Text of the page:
If you’ve ever wanted to know more about what’s in the money mentorship and how it works, this episode answers every question you ever had.
Following up on their ‘hacking money habits series’ and Rachael Taylor’s story, Ryan and Terry reveal how they use behaviour science, game design and ‘materialisation’ to help people pursue and achieve their goals.
What you'll learn:
Ryan: Hello Terry. Welcome back mate. Big conversation you had with Rachel last episode.
Terry: Yeah. Did you like it?
Ryan: Ah, mate. Huge. I love her. She’s such a legend and what a weapon. Just absolutely killing it.
Terry: Yeah. It’s funny, she sent us both an email afterwards and she was like, I, I’m not sure how I thought it would come across. I was a little bit nervous, but I’m really glad we did that. And I was like, so am I. Because I know a lot of people are gonna get so much from that episode and it’s gonna have a lasting impact I think.
Ryan: Yeah, I know, I did. And there was just some ideas that existed there that make you go, you what? Sometimes he’s got a grit teeth, lean in, do some stuff. And I just loved that she kind of really highlighted how important action is in terms of kind of unlocking progress and making things happen for her. And I loved that her dad said when she was training or there was something hard going on, he was like, put a rock or a stone under your tongue.
Ryan: And redirect your attention around pain. I was like, oh yeah, I could see how that idea is permeated for her over time.
Terry: Oh, and I’ll tell you what, there’s very few athletes that have pain tolerance than rowers because the amount of lactic acid they have to have just coursing through their veins to do what they do. Like they just, they, no one’s more tough, I don’t reckon.
Ryan: yeah, yeah. But just for anyone to take that and go, Hey, sometimes you gotta lean into that pain. Cause on the other side of it is a big reward. And we’re probably gonna talk about that a bit today, aren’t we?
Terry: Yeah, we are, we sort of thought about, you know, we’ve got a few people reaching out after that. Tell me more about the money mentorship. Could it work for me? And we’ve never really discussed this in its entirety on the podcast, but we thought it might be a good opportunity to do that because, uh, it was bound to be a lot of folks who kind of listened to that, did get inspired and went, what’s my next action?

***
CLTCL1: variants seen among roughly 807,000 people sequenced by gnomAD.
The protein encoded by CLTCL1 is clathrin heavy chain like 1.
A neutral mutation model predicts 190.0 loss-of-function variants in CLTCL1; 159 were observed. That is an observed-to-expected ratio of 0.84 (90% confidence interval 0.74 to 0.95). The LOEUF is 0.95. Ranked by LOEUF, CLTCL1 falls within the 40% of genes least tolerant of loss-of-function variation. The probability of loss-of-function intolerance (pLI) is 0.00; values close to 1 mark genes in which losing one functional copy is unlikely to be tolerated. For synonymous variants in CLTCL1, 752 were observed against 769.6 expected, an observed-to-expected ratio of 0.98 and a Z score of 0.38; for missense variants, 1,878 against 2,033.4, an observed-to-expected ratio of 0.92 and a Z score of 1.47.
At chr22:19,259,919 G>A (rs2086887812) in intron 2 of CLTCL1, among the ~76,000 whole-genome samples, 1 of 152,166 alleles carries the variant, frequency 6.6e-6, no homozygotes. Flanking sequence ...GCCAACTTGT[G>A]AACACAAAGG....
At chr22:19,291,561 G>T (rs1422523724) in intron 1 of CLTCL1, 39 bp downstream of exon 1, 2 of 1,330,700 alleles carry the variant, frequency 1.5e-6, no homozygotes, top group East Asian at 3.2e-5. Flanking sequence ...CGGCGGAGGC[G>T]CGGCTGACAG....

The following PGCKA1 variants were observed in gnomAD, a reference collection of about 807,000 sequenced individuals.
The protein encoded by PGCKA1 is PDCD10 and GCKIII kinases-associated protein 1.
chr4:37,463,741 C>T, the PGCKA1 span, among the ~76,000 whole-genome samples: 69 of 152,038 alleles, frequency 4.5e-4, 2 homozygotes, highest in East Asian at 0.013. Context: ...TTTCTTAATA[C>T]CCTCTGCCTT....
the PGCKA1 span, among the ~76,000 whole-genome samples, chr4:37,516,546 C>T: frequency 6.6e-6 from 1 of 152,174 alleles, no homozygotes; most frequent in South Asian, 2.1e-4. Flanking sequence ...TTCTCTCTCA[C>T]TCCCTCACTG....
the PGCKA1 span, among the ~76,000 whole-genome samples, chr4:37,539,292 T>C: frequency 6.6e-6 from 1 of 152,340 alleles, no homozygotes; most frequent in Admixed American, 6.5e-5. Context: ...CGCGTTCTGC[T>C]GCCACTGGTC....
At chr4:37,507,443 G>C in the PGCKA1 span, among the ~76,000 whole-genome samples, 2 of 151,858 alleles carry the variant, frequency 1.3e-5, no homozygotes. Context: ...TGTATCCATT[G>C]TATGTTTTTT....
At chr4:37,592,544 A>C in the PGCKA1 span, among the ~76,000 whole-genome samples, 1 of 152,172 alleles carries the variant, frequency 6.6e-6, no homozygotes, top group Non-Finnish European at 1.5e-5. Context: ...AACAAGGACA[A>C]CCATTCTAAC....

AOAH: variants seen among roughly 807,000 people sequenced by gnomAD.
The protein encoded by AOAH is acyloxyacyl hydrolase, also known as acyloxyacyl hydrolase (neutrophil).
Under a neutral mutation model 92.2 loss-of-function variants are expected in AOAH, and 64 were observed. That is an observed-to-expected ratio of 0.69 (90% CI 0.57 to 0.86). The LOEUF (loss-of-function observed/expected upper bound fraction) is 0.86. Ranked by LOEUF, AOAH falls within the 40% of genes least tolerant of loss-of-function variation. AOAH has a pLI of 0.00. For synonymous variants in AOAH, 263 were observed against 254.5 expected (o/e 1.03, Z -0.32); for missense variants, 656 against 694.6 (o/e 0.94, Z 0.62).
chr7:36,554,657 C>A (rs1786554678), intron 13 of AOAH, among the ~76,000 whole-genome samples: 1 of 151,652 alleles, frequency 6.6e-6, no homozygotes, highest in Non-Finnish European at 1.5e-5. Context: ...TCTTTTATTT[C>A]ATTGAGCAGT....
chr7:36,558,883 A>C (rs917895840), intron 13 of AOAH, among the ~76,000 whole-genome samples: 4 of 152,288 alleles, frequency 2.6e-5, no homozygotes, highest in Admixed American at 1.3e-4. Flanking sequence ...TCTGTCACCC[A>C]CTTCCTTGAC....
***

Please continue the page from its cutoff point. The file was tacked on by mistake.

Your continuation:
And then asked themselves some questions about the money mentorship. So we thought, why not actually kind of sit down, map this whole thing out, and talk people through step by step exactly how we use all these principles we’ve been discussing in this series on hacking money habits. How do we use all this evidence, all this information to change people, to help people like raach achieve their big money goals?
So that’s what we’ve been talking about and I’m excited about it too.
Ryan: Me too. And it’s not just, Rachel Taylor retiring early. think about, what this program has done for people over the years. You know, some of the big things that come to mind are breaking the cycle of financial abuse. We met with, one of our clients the other day, which kind of just brought back some memories about how far she’d come since that time.
Navigate tricky career transitions, you know. Making changes and kind of going through periods of unsettling change. Couples wanting to get on the same page and pull in the same
Terry: saving them from a divorce.
Ryan: saving them divorce, recovering from divorce is another one. What else comes to mind for you?
Terry: Yeah, like moving across the country, starting new lives with their families without an income. Those are big ones, big decisions. Starting their own businesses, using that passive income, buying their first home, buying their first investment property, pulling back from full-time work, spending more time on their own passion projects.
And Gab, who some people will know early days. One of our first exemplars on the podcast is now funding scholarships at the school that she used to attend, which is cool because remember we talked about that and she was kind of laughing about how she thought Legacy was a joke and now she’s funding scholarships, which is awesome.
Ryan: Yeah. Another one I always love is a lot of guys have funded some pretty big overseas trips as well, some big holidays, and kind of fitted that in around weddings and organizing weddings, funding weddings, another one, babies. There’s so many things that this unlock can have for people, and so I’m excited to kind of explore what this might mean for whoever’s listening to this one.